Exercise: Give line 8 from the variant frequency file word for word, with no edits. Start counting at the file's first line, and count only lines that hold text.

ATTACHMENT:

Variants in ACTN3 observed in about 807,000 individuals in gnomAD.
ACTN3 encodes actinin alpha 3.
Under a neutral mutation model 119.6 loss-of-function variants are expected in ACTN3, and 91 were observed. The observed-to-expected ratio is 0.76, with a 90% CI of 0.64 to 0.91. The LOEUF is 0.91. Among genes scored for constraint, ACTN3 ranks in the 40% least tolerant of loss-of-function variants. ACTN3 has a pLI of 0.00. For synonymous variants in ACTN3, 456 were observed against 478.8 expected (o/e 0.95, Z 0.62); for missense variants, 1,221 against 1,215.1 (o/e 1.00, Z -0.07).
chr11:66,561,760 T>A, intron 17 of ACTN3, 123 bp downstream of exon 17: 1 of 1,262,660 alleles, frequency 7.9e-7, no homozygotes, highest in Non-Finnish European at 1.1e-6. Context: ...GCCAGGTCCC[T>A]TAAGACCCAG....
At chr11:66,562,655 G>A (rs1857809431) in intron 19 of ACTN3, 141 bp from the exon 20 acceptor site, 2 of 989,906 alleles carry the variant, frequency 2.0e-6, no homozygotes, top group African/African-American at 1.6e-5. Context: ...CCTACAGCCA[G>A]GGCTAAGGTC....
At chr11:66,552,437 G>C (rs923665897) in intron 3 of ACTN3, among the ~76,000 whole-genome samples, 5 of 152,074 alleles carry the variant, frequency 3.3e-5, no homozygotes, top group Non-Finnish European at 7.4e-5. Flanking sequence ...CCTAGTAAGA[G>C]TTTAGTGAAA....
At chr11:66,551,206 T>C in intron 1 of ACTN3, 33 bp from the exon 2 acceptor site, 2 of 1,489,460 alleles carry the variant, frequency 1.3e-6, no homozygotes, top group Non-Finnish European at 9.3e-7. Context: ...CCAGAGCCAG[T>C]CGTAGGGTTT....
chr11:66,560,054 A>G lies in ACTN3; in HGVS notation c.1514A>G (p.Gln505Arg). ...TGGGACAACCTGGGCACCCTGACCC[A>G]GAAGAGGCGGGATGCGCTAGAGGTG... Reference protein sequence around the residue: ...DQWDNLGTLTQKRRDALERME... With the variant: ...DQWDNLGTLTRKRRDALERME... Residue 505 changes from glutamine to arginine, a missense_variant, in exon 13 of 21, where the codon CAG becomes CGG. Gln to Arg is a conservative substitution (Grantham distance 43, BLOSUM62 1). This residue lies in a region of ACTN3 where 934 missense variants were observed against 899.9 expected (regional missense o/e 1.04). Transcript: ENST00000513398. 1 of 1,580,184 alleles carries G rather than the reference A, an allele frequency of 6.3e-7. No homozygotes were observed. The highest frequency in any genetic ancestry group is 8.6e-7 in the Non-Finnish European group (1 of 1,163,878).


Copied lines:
chr11:66,560,054 A>G lies in ACTN3; in HGVS notation c.1514A>G (p.Gln505Arg). ...TGGGACAACCTGGGCACCCTGACCC[A>G]GAAGAGGCGGGATGCGCTAGAGGTG... Reference protein sequence around the residue: ...DQWDNLGTLTQKRRDALERME... With the variant: ...DQWDNLGTLTRKRRDALERME... Residue 505 changes from glutamine to arginine, a missense_variant, in exon 13 of 21, where the codon CAG becomes CGG. Gln to Arg is a conservative substitution (Grantham distance 43, BLOSUM62 1). This residue lies in a region of ACTN3 where 934 missense variants were observed against 899.9 expected (regional missense o/e 1.04). Transcript: ENST00000513398. 1 of 1,580,184 alleles carries G rather than the reference A, an allele frequency of 6.3e-7. No homozygotes were observed. The highest frequency in any genetic ancestry group is 8.6e-7 in the Non-Finnish European group (1 of 1,163,878).